21

I am using Arch with Xfce.

Recently, I have created a symbolic link to a directory on a filesystem.

But I don't want to mount the filesystem during boot or manually mount it before I open the symbolic link.

Is there anyway to auto-mount that filesystem when I open the symbolic link to the directory on that filesystem?

23

autofs can do this for you. You can configure any number of mountpoints with various options, and the corresponding filesystems are mounted whenever the mountpoint is accessed. After a given amount of inactivity the filesystems are unmounted again.

There are no doubt various ways of using autofs, but here's one way of doing what you're trying to do, based on the way I used to use it.

You start with a directory which will hold a number of autofs mount-points (well, at least one); say /misc. You don't need to create it, but you do need to create a configuration file which will describe all the filesystems you want to mount there; for example, I could mount CDs, DVDs and Blu-Rays with the following file, saved as /etc/auto.misc:

cd              -fstype=iso9660,ro,nosuid,nodev    :/dev/cdrom
br              -fstype=udf,ro,nosuid,nodev        :/dev/cdrom

The general syntax is the mountpoint, followed by any options introduced by -, then the mountpoint introduced by : on a local system. (I'm simplifying here, see the autofs(5) manpage for details.)

Then this file is enabled by adding an entry in /etc/auto.master:

/misc   /etc/auto.misc

Restart autofs with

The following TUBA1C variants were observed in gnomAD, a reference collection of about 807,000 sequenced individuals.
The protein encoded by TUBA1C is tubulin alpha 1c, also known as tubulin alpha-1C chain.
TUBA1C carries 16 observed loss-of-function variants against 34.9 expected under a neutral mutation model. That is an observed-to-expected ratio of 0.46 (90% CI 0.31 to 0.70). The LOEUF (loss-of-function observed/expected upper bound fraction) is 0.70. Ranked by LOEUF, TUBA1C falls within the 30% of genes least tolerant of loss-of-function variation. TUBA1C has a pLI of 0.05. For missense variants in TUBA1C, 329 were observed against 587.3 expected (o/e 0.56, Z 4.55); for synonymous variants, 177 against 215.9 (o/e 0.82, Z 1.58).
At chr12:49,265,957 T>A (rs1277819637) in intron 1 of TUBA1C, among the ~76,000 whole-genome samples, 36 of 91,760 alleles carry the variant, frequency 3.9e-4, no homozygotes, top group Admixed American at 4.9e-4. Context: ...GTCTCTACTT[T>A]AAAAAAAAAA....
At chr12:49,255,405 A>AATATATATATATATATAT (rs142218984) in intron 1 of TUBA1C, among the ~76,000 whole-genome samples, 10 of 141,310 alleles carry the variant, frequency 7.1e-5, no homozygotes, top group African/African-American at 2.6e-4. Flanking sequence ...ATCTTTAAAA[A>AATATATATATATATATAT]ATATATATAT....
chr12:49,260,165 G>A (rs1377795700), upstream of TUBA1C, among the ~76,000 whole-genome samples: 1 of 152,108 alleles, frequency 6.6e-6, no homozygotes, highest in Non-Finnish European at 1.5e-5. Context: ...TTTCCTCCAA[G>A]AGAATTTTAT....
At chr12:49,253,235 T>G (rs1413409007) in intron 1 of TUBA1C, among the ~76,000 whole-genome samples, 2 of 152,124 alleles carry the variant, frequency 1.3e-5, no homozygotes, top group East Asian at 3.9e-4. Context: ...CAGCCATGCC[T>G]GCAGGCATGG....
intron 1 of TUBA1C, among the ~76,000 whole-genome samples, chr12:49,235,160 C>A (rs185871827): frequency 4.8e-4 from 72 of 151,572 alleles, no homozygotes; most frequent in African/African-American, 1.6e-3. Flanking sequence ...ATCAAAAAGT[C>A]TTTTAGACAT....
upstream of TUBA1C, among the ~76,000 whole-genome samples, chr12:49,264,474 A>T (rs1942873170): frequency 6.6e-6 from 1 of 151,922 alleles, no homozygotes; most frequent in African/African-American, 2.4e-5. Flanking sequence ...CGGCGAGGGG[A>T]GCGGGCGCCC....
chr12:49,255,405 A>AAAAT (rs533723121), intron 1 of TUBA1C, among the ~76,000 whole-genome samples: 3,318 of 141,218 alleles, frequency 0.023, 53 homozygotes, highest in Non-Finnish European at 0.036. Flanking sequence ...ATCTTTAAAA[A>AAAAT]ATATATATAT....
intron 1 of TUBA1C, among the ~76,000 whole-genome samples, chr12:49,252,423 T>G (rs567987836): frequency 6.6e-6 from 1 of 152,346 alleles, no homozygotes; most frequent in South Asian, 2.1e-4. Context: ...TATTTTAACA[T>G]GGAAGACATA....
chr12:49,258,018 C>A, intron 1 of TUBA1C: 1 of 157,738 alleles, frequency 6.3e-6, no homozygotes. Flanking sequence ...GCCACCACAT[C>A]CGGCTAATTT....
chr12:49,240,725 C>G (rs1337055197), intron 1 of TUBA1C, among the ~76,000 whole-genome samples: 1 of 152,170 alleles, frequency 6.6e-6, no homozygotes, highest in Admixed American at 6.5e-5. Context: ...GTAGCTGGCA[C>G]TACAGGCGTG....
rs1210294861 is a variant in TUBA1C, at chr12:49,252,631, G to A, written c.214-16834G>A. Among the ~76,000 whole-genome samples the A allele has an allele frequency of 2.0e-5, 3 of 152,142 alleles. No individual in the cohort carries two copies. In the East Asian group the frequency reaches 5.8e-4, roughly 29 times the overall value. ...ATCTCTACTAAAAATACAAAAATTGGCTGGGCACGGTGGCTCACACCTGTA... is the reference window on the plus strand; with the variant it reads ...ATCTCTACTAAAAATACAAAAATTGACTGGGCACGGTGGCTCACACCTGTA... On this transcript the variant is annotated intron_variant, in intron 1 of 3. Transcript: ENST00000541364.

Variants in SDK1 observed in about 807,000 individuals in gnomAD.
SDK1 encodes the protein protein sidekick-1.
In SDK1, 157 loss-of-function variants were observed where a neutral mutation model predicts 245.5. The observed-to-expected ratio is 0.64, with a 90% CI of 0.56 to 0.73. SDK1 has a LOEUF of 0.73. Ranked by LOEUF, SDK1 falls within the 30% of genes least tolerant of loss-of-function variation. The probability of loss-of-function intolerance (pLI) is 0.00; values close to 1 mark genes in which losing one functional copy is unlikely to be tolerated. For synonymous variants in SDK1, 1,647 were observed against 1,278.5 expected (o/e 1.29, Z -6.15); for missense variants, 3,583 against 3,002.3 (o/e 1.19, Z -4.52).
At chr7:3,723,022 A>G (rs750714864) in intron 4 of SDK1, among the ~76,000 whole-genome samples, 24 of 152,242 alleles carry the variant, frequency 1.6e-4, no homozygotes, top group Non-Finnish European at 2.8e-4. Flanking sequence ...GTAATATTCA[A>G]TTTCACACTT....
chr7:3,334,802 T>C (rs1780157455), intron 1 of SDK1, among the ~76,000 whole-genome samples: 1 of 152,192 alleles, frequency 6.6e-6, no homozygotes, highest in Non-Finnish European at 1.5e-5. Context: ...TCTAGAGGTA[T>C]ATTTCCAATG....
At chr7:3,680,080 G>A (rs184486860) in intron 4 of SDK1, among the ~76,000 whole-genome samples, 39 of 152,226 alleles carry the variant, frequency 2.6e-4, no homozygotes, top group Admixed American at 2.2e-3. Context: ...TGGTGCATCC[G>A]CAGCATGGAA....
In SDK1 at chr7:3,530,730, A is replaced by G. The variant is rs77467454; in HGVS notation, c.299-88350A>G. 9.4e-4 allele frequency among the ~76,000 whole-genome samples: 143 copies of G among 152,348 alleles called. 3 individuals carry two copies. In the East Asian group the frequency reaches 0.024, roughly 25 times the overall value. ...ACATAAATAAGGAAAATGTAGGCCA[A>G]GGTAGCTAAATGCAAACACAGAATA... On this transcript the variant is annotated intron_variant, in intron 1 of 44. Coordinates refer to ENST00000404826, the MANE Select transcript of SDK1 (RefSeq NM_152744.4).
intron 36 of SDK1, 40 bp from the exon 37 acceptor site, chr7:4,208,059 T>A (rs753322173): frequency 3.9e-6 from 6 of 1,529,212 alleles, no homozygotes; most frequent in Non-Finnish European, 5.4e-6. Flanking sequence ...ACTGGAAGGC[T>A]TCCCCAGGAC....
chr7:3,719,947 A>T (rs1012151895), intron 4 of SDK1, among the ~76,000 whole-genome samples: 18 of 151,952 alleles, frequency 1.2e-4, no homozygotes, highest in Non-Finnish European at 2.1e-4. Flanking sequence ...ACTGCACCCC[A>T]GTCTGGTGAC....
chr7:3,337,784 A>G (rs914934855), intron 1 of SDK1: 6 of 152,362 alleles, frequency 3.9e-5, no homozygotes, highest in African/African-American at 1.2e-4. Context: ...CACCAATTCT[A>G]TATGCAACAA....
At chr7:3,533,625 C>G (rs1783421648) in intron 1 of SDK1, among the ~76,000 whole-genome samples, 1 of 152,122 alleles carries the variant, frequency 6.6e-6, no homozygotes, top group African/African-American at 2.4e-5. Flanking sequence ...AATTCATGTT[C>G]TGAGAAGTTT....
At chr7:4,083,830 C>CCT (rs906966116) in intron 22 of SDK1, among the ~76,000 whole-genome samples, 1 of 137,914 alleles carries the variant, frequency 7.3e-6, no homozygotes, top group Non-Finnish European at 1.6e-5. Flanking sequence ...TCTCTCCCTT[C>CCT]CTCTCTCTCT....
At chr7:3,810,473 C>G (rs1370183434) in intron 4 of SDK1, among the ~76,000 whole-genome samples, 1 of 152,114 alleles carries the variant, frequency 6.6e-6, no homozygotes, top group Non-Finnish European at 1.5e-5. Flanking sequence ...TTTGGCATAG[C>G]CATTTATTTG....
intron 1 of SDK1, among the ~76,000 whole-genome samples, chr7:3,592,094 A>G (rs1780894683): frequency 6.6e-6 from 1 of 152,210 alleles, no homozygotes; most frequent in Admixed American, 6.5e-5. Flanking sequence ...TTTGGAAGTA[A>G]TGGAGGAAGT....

sudo service autofs restart

and you should be able to run

ls /misc/cd

and see the contents of any CD in your drive. (Obviously replace the name and mount target by whatever is appropriate in your case.)

Once you have that, you can link to anything in the auto-mounted filesystems from anywhere else, in the same way as if they were standard, non-auto-mounted filesystems. So in my example,

ln -s /misc/br blu-ray

creates a blu-ray link wherever the command is run. You can link further into the filesystem as well,

ln -s /misc/br/BDMV autolinktest

creates an autolinktest link to the movie contents. Accessing the links will mount the target filesystem.

12

You can do this with systemd, so you don't have to install extra software and just have a small amount of extra configuration.

Simply add noauto,x-systemd.automount to the options in fstab.

noauto to not mount automatically on boot and x-systemd.automount to let systemd mount it on access.

After adding x-systemd.automount to an fstab line, you need to run:

  sudo systemctl daemon-reload

And then one, or both, of the following:

  sudo systemctl restart remote-fs.target
  sudo systemctl restart local-fs.target

Then the automount will become active and usable.

Source: ArchWiki - fstab

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